RUNNING TIME: Bruce And Becker’s One-Shot Wonder

Bruce Campbell is beloved to the b-movie fanbase because there’s a blue collar appeal to him. He never achieved superstardom but he works steadily, plying his trade with a work ethic and a lack of pretension that endears him to the genre-loving viewers. He’s “our” star, the kind of celeb you could imagine yourself chatting with over a beer.

Since fans enjoy that identification with him, they really love the movies where Campbell enjoys a leading role. Obviously, the ongoing Evil Dead movie/television franchise is the main attraction in that area but there are other, lesser known Campbell vehicles that his fans should hunt down. One of the best is Running Time, a unique crime flick masterminded by Campbell’s longtime friend and collaborator, Josh Becker. It’s got some unique hooks to its filmmaking approach that allow both Campbell and Becker to show off their skills.

The premise is straightforward: Carl (Campbell) is a felon who gets out of prison and immediately joins up with a crew of criminal friends for a job that he planned while in the clink. The target is the payroll of a laundry that uses prison labor and his partner is Patrick (Jeremy Roberts), a friend from his school days who has handled all the outside-the-prison planning for the job. Nothing goes as planned because (A) Patrick is a screw-up and (B) fate has a lot of surprises in store for Carl and Patrick.

That simple but reliable plot gets a fresh coat of paint from the way co-writer/director Becker handles it. For starters, it unfolds in real time. Even more interesting is the directorial style, which creates the illusion of the film being one feature-length scene via a series of long takes captured via Steadicam and linked through clever edits to make it all appear seamless. Kurt Rauf’s crafty black and white cinematography is a key asset in Becker’s arsenal as he gives the film a series of peaks and valleys, steadily moving its crime narrative forward with economy while finding time for character beats that give it a little more flesh on the bone than usual.

And those character moments are where Campbell is given room to shine. As his carefully laid plans go awry and his badass self-image is stripped away, Campbell goes through a range of reactions that begin with humor and gradually shift into more dramatic and even romantic territory.  Campbell hits all these notes convincingly and gets there in a way that works naturally within the story’s stylized confines. It helps that he has an excellent sparring partner in Roberts, the two establishing a back-and-forth that outlines a tormented but believable friendship that is put to the test. Also worthy of note is Anita Barone, who plays a figure from Carl’s past who pops up and adds further complications to his path that reveal a different side of his persona. Her work is heartfelt and helps draw out Campbell’s softer side.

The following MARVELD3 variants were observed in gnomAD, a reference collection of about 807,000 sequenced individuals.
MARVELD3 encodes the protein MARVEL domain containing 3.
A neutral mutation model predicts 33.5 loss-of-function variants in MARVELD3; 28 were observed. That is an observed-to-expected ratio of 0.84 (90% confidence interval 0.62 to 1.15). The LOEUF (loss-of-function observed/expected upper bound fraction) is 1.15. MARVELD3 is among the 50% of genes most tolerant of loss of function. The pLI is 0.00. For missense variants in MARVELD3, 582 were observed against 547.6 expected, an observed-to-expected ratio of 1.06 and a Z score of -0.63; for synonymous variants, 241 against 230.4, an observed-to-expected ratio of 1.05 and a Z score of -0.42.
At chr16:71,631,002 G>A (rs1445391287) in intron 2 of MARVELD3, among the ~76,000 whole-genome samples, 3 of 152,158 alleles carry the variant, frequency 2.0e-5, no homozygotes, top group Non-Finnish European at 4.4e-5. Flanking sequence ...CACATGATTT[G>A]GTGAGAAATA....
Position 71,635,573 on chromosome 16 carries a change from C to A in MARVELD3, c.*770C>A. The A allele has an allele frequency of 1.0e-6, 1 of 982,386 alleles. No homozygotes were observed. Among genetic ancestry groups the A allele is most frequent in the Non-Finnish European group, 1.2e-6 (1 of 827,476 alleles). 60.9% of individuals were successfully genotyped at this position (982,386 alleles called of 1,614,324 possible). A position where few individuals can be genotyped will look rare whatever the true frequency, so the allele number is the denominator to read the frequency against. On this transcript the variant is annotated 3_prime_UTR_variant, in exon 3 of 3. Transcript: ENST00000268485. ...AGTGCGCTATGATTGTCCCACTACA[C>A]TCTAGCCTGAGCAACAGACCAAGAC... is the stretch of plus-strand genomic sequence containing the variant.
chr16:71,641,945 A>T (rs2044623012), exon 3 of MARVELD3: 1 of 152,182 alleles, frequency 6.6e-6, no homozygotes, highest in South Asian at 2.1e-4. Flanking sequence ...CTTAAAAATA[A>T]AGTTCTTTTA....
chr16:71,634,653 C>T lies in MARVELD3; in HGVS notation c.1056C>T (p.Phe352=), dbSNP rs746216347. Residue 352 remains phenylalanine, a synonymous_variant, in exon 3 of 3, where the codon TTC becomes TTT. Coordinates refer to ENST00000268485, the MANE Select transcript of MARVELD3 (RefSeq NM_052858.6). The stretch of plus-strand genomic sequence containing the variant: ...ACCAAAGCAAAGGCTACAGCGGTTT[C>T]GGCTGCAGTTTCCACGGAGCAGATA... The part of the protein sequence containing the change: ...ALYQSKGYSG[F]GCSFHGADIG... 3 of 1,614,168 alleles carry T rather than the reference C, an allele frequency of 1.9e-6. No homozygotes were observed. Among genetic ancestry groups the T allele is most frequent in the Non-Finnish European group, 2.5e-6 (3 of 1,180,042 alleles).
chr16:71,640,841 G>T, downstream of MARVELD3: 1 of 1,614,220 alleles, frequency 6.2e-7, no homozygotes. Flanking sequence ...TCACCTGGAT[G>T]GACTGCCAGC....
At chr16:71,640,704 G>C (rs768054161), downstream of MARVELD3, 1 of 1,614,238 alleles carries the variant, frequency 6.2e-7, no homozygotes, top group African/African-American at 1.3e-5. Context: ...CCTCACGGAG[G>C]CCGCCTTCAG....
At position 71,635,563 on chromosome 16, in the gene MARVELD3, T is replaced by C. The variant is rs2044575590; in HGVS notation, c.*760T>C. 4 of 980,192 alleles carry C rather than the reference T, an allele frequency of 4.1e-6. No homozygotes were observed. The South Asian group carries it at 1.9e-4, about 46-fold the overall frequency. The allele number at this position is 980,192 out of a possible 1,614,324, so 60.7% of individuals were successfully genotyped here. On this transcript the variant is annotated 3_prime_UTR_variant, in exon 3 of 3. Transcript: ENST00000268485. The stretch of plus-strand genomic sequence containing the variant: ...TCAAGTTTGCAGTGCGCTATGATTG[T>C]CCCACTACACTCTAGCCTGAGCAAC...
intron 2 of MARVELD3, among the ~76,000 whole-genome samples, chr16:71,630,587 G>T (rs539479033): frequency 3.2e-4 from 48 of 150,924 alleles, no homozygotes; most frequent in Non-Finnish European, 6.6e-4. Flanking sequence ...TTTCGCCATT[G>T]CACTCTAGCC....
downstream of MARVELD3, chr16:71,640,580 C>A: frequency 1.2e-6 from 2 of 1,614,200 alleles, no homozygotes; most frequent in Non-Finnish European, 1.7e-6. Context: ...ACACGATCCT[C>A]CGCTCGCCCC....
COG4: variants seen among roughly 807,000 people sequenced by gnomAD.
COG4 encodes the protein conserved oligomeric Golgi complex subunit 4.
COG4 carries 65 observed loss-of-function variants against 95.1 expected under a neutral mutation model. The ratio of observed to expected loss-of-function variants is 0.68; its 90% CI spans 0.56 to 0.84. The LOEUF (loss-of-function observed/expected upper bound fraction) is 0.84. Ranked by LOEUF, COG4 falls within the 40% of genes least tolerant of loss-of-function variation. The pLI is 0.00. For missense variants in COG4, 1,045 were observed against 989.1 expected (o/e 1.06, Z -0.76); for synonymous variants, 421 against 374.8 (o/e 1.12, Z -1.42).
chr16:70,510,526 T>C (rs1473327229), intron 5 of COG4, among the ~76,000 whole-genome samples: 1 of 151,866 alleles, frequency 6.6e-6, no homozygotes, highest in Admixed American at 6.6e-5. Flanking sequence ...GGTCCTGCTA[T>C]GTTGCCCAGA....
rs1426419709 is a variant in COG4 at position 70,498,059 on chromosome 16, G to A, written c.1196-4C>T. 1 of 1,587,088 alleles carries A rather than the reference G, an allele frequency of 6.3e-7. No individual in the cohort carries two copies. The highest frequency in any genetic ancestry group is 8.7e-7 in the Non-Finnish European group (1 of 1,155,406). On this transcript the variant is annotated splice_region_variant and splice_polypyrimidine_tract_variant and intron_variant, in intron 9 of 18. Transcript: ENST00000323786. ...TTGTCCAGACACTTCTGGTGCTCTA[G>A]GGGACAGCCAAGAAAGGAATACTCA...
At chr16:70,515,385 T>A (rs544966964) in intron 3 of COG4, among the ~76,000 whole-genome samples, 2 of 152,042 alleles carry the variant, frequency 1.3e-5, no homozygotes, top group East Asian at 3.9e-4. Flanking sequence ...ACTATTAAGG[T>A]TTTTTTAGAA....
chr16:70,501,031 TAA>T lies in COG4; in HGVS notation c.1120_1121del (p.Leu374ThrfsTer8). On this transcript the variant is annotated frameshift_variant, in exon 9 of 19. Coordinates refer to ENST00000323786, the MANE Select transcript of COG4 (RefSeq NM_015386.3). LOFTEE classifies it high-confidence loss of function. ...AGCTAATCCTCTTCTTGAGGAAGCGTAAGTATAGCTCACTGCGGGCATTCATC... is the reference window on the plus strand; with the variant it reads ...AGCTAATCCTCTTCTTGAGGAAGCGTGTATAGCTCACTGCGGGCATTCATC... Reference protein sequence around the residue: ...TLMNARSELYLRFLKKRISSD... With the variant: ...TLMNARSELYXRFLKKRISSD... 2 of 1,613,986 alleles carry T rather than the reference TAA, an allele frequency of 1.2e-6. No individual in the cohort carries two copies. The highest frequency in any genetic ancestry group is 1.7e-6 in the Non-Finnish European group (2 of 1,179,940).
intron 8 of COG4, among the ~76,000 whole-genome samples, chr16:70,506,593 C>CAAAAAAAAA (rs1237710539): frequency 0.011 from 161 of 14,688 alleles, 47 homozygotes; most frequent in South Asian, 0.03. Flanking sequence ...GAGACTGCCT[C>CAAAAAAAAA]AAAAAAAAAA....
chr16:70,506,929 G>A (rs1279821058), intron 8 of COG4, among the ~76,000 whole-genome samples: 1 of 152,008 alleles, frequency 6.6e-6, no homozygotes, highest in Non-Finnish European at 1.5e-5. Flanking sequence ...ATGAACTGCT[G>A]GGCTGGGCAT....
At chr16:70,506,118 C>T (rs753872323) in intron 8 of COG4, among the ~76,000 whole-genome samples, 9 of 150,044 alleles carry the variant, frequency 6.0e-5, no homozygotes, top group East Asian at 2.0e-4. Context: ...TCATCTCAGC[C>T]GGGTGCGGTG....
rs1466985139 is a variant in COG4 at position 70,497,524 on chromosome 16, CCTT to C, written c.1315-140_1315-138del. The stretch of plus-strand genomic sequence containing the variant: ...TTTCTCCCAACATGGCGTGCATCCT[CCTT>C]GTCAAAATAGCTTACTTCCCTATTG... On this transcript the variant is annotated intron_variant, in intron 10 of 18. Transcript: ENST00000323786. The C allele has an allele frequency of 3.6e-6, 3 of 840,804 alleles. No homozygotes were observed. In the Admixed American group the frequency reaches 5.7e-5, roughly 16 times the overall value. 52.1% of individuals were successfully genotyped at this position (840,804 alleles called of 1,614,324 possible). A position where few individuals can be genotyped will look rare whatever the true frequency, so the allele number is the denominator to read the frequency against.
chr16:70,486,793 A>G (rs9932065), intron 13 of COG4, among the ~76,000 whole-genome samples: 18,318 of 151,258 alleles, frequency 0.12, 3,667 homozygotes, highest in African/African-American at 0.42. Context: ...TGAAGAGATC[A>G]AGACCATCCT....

Finally, the ringmaster behind this show deserves a nod of appreciation. Becker’s direction keeps all the moving parts of the film’s narrative, character arcs and stylistic choices running in a smoothly calibrated manner. There are plenty of surprises along the way but it’s all cleanly laid out and judiciously timed so the viewer never gets lost or bored.  The end result is a great vehicle for Becker’s skills and inventiveness as a filmmaker, one that craftily uses Campbell and his acting skills as the engine to keep it chugging forwards.  Fans of “The Chin” will find plenty to enjoy and if you’ve never seen Becker’s work, this would make a solid introduction.

Blu-Ray Notes: this title recently received a nice hi-def edition from Synapse Films. The transfer is a new 2K restoration taken from the original 16mm elements and also restores the original stereo mix in lossless form. You also get a fistful of extras, including a Becker/Campbell commentary, a new interview featurette with Campbell and, best of all, a video of festival Q&A session featuring star and director from the film’s original release era. You really get to see Campbell in his glory in the latter as he banters with an appreciative group of fans.

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